Chapter summary ••

The evolutionary hypothesis, originally advocated by Darwin, posits that moral judgments are the product of evolutionary pressures for cooperative behavior in otherwise self-interested organisms.

Cooperation problems 

•• •• ••

••

•• ••

39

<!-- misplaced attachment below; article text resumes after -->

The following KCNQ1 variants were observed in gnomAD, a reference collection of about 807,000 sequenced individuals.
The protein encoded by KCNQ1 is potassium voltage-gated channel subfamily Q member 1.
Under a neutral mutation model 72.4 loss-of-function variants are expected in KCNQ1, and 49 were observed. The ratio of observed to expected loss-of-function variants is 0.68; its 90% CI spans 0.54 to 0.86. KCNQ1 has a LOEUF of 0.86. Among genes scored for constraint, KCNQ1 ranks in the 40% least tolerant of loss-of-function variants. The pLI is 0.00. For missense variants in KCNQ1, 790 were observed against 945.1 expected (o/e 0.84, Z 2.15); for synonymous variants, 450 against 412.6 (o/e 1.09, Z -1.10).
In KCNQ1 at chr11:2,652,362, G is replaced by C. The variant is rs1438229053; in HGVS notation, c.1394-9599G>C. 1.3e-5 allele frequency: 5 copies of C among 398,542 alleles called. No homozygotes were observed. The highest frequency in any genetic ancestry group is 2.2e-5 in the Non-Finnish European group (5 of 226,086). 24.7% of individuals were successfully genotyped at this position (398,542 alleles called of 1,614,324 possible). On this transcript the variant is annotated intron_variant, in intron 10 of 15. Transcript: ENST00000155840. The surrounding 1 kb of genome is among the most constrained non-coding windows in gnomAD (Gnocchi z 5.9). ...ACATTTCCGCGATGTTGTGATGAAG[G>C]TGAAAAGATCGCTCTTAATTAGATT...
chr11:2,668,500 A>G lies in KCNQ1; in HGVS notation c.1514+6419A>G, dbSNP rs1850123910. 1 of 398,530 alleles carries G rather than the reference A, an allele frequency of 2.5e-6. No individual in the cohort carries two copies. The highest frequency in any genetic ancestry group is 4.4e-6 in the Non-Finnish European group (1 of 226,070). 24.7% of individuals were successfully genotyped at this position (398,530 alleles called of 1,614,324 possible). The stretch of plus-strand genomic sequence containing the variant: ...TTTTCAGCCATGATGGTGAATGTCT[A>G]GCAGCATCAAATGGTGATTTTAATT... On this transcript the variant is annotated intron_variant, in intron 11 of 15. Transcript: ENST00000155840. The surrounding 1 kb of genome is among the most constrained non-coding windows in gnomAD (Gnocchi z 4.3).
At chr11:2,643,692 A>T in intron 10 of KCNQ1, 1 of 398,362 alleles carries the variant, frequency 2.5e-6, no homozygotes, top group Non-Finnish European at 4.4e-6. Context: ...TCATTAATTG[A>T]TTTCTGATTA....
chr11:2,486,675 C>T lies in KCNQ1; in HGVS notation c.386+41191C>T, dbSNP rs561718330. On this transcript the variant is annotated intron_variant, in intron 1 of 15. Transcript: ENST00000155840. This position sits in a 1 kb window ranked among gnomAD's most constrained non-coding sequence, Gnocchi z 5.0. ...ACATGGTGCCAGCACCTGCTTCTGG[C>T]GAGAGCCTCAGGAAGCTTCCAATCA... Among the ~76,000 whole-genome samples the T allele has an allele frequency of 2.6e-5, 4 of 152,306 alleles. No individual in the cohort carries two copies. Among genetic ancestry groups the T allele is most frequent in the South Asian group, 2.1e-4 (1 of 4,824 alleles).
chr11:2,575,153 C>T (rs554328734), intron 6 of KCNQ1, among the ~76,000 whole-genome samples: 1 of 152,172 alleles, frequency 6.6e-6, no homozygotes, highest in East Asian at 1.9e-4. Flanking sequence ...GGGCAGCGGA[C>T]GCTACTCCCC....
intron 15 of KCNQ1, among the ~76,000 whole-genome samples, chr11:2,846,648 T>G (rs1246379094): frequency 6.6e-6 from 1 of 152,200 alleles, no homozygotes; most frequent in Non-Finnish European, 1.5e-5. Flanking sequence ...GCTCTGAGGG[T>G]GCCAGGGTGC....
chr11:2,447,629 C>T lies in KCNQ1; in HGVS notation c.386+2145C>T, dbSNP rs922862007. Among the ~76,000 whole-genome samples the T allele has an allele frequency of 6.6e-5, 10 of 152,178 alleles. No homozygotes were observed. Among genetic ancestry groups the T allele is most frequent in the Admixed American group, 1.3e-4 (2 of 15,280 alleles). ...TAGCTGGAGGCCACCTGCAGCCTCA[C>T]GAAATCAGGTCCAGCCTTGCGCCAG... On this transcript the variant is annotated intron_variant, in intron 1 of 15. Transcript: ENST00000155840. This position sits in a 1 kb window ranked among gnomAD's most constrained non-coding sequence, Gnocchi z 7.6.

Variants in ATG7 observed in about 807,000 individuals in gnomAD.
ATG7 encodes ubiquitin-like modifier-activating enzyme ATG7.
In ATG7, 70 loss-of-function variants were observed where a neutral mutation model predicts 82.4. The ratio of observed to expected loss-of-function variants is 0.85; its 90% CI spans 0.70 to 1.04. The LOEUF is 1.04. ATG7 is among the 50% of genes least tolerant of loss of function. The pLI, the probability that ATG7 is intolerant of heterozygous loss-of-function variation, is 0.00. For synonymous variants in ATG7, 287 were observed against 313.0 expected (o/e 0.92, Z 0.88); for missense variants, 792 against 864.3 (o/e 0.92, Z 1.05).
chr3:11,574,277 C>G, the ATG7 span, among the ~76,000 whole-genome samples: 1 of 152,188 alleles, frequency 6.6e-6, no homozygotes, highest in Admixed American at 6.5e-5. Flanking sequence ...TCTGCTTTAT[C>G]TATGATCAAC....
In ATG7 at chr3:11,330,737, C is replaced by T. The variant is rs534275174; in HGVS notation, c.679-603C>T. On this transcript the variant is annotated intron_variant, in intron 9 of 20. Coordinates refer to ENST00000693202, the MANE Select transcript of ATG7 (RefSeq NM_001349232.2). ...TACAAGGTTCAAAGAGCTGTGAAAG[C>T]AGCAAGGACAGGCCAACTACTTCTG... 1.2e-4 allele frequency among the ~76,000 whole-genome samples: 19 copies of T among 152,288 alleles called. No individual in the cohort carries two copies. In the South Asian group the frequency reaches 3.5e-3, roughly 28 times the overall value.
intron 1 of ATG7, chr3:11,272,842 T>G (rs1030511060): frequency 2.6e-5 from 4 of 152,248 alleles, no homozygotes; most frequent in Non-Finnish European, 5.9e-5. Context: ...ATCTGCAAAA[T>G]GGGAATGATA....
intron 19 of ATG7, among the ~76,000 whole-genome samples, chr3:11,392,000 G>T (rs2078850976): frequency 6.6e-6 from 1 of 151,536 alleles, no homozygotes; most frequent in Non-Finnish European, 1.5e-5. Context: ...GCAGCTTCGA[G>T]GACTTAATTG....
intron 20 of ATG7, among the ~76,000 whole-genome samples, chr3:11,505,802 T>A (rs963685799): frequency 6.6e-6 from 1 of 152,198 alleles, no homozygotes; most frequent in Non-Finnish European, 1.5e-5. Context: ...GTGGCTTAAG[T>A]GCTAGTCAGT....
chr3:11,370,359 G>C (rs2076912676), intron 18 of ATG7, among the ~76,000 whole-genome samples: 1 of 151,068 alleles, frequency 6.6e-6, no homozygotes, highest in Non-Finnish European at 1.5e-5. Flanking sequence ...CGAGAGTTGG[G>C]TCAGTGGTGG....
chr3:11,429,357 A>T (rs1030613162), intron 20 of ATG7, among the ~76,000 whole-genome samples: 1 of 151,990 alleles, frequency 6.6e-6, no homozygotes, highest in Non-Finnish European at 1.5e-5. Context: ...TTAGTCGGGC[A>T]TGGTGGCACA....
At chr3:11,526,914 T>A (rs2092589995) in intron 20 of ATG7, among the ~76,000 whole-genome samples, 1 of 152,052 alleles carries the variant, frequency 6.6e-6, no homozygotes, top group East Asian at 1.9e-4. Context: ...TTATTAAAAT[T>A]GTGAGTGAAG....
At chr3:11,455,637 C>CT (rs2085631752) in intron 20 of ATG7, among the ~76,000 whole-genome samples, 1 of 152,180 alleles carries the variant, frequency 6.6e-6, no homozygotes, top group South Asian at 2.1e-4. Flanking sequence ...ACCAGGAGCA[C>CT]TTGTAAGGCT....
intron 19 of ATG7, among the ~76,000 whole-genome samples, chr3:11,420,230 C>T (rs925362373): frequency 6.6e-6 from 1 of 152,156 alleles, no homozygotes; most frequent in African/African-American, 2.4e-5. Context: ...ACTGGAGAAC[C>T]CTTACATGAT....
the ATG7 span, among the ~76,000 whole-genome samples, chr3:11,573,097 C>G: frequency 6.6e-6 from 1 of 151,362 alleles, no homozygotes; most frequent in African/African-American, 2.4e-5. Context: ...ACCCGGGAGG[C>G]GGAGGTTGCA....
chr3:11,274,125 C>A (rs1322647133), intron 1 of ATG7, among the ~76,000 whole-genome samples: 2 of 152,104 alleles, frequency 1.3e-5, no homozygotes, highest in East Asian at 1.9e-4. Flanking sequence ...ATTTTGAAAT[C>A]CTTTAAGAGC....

A “cooperation problem” can be formally defined as any interaction between self-interested agents, where both players acting in rational self-interest will lead to results which have universal (Pareto) improvements for each player. Examples of cooperation problems include the Prisoner’s Dilemma and Stag Hunt. Hundreds of algorithms have been developed for playing cooperation games like Prisoner’s Dilemma, but the most successful ones all share essential features with a strategy called Tit-for-Tat, which cooperates with cooperators and defects with defectors. There is a structural resemblance between rules in our intuitive moral grammar like the Intentional Harm Rule and the Retribution Rule and the rules of Tit-for-Tat. This can be used as an “optimality modeling” argument that our moral grammar has an adaptive function of producing cooperative behavior. The position that “morality is cooperation” involves the meta-ethical commitments to realism, naturalism, instrumentalism about values, and acknowledging the possibility of amoralism. Any top-down or bottom-up approaches to modeling cooperative robots will wind up producing results very much like our intuitive moral grammar, and this carries with it the same limitations of undecidability in moral dilemma situations.